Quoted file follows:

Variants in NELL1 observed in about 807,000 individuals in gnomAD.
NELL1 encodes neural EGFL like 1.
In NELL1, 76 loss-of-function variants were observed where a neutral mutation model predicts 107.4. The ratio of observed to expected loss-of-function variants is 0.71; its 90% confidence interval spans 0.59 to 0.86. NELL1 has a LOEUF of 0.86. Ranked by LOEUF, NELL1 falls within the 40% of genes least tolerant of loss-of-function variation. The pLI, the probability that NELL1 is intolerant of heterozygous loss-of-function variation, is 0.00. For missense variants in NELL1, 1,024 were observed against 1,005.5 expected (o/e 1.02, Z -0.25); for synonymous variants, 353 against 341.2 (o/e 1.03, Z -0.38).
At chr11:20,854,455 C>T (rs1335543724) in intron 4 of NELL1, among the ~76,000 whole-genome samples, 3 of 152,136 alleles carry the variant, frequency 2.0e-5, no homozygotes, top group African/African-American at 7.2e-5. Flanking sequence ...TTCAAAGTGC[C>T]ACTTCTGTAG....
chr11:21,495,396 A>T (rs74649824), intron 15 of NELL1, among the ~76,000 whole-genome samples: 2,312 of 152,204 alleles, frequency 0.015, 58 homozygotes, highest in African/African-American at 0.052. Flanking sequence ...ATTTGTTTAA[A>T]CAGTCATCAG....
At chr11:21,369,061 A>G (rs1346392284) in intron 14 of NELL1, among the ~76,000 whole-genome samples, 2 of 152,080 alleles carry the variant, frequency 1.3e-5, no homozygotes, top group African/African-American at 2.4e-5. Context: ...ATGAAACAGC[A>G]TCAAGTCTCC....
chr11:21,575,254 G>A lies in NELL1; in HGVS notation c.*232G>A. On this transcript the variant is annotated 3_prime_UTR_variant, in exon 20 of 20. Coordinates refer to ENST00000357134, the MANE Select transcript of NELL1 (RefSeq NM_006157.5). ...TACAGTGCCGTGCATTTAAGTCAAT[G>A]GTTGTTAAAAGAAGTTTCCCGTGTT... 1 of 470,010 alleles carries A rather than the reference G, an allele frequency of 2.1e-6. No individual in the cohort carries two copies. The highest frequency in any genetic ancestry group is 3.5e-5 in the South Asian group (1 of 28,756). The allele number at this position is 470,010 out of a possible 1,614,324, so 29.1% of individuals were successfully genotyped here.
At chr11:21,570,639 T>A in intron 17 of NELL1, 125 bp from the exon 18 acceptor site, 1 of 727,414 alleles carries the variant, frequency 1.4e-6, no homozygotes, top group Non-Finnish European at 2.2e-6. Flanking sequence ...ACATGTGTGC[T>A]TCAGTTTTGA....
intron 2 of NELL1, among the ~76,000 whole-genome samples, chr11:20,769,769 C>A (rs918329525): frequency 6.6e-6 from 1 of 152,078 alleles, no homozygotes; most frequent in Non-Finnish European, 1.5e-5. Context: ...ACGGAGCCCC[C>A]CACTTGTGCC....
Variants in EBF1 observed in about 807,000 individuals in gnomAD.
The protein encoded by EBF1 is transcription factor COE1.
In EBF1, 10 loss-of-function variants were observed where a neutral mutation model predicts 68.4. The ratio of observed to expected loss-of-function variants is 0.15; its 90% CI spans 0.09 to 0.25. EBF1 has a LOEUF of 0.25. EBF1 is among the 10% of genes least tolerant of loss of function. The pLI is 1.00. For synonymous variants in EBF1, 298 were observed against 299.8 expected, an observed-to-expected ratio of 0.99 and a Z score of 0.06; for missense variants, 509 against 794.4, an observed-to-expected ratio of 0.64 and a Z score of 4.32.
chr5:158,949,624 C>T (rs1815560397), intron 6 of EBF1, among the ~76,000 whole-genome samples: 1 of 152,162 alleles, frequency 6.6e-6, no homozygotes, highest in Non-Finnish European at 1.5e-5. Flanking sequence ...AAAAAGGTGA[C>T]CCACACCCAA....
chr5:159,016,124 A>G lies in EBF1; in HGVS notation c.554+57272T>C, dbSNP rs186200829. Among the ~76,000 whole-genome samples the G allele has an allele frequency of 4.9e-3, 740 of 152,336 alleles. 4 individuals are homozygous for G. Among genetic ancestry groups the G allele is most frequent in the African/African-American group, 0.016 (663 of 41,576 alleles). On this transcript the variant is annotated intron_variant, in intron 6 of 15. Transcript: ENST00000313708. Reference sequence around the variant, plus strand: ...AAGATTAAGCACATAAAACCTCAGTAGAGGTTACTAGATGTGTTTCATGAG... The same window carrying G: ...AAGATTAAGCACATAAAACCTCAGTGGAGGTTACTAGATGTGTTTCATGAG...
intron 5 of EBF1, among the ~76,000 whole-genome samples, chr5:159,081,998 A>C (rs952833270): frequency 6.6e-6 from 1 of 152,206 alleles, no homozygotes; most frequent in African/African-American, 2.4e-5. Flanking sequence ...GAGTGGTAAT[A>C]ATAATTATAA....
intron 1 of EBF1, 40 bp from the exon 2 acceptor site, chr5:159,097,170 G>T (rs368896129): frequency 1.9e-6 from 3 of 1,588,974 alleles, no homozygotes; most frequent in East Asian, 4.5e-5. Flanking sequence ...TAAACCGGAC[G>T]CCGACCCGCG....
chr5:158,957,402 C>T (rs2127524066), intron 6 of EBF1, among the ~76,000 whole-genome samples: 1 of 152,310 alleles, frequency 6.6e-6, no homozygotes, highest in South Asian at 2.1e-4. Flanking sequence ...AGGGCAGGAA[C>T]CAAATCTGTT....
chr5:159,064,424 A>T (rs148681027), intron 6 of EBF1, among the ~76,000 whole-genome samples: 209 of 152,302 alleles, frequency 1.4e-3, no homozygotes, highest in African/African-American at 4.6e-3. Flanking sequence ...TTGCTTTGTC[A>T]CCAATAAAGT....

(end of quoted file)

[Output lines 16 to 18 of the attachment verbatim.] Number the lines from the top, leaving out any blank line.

intron 1 of EBF1, 40 bp from the exon 2 acceptor site, chr5:159,097,170 G>T (rs368896129): frequency 1.9e-6 from 3 of 1,588,974 alleles, no homozygotes; most frequent in East Asian, 4.5e-5. Flanking sequence ...TAAACCGGAC[G>T]CCGACCCGCG....
chr5:158,957,402 C>T (rs2127524066), intron 6 of EBF1, among the ~76,000 whole-genome samples: 1 of 152,310 alleles, frequency 6.6e-6, no homozygotes, highest in South Asian at 2.1e-4. Flanking sequence ...AGGGCAGGAA[C>T]CAAATCTGTT....
chr5:159,064,424 A>T (rs148681027), intron 6 of EBF1, among the ~76,000 whole-genome samples: 209 of 152,302 alleles, frequency 1.4e-3, no homozygotes, highest in African/African-American at 4.6e-3. Flanking sequence ...TTGCTTTGTC[A>T]CCAATAAAGT....